Type of plant
About this weed
Sticky Bartsia is named because of its sticky, hairy appearance and is usually found in swampy or winter-wet areas. Originally from the Mediterranean Region of western Europe, the Parentucellia genus are hemiparasitic plants on the roots of other plants, but can germinate and grow without hosts. They are able to colonise a wide range of hosts.
This weed is a stout, glandular-hairy erect annual or biennial (rarely) growing to about 0.7 m high. The yellow flowers form in spring and are held on a terminal spike. The flowers produce numerous small seeds and are dispersed with the wind or by attaching to clothing. The seedbank persists in the soil for at least one year.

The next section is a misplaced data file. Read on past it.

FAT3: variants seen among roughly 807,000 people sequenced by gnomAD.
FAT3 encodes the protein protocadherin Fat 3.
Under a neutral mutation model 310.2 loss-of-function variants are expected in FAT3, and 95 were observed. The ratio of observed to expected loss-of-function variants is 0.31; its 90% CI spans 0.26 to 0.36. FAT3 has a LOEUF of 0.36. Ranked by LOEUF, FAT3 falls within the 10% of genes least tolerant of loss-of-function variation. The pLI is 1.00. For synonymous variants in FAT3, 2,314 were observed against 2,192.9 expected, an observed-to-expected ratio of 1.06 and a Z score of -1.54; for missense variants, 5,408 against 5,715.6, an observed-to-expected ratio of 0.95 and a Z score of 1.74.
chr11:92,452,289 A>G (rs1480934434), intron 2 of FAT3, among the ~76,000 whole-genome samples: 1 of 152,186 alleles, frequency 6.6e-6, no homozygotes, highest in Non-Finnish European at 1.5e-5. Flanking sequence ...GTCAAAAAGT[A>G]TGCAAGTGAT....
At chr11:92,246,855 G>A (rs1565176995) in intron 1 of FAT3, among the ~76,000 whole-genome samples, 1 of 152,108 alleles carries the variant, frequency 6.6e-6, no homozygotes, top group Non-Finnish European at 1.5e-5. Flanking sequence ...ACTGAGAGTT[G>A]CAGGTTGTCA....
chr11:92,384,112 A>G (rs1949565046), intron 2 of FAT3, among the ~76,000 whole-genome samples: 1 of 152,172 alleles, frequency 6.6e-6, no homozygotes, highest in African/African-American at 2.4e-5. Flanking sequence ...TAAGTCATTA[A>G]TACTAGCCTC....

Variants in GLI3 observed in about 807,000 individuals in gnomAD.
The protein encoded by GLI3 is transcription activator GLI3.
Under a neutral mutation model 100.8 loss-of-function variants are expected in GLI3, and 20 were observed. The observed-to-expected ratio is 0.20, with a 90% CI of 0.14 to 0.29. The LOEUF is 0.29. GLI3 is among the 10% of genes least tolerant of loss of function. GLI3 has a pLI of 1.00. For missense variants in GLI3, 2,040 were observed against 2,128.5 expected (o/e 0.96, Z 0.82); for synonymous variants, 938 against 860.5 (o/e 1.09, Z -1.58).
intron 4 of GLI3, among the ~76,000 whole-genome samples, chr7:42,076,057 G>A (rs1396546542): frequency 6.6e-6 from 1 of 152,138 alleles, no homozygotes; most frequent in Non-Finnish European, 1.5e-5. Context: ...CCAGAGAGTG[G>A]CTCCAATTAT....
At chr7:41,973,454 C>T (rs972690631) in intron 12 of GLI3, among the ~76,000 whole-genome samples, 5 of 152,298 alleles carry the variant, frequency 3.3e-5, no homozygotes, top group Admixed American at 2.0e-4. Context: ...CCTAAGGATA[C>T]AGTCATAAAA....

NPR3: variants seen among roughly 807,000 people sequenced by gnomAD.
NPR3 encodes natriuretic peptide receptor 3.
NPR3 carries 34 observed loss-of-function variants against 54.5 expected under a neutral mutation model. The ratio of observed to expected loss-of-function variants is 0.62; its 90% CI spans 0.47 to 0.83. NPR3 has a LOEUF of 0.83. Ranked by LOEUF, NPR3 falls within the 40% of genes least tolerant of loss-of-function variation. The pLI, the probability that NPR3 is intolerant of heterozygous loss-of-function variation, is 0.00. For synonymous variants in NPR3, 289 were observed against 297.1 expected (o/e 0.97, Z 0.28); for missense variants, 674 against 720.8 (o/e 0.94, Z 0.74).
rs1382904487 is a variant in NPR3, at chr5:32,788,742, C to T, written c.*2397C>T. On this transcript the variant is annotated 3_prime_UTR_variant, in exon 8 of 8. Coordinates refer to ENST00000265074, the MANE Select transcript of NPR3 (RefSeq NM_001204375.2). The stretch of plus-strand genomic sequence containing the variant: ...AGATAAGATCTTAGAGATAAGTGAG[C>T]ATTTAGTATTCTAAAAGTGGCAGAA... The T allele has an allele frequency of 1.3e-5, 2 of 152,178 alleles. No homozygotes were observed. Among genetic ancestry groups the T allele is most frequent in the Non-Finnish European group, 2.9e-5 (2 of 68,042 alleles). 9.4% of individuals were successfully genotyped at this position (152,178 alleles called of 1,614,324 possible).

Impact on Bushland
Sticky Bartsia is widespread in winter-wet areas of the South-West Province. It prefers sandy, clay or lateritic soils in swampy areas including pastures and sometimes on granite outcrops.
Priority for removal
Remove isolated plants manually before flowering. The best time to hand weed is in June and July but can be done occasionally in August, September and October.
Spot spray with Glyphosate 0.5% before flowering. Read the manufacturers’ labels and material safety data sheets before using herbicides. Optimal months to spray are June and July but can be done occasionally in August and September.
February, September, October, November
Hussey, B.M.J., Keighery, G.J., Dodd, J., Lloyd, S.G. and Cousens, R.D. (2007) Western weeds. A guide to the weeds of Western Australia, Second Edition, The Weeds Society of Western Australia, Victoria Park, Western Australia.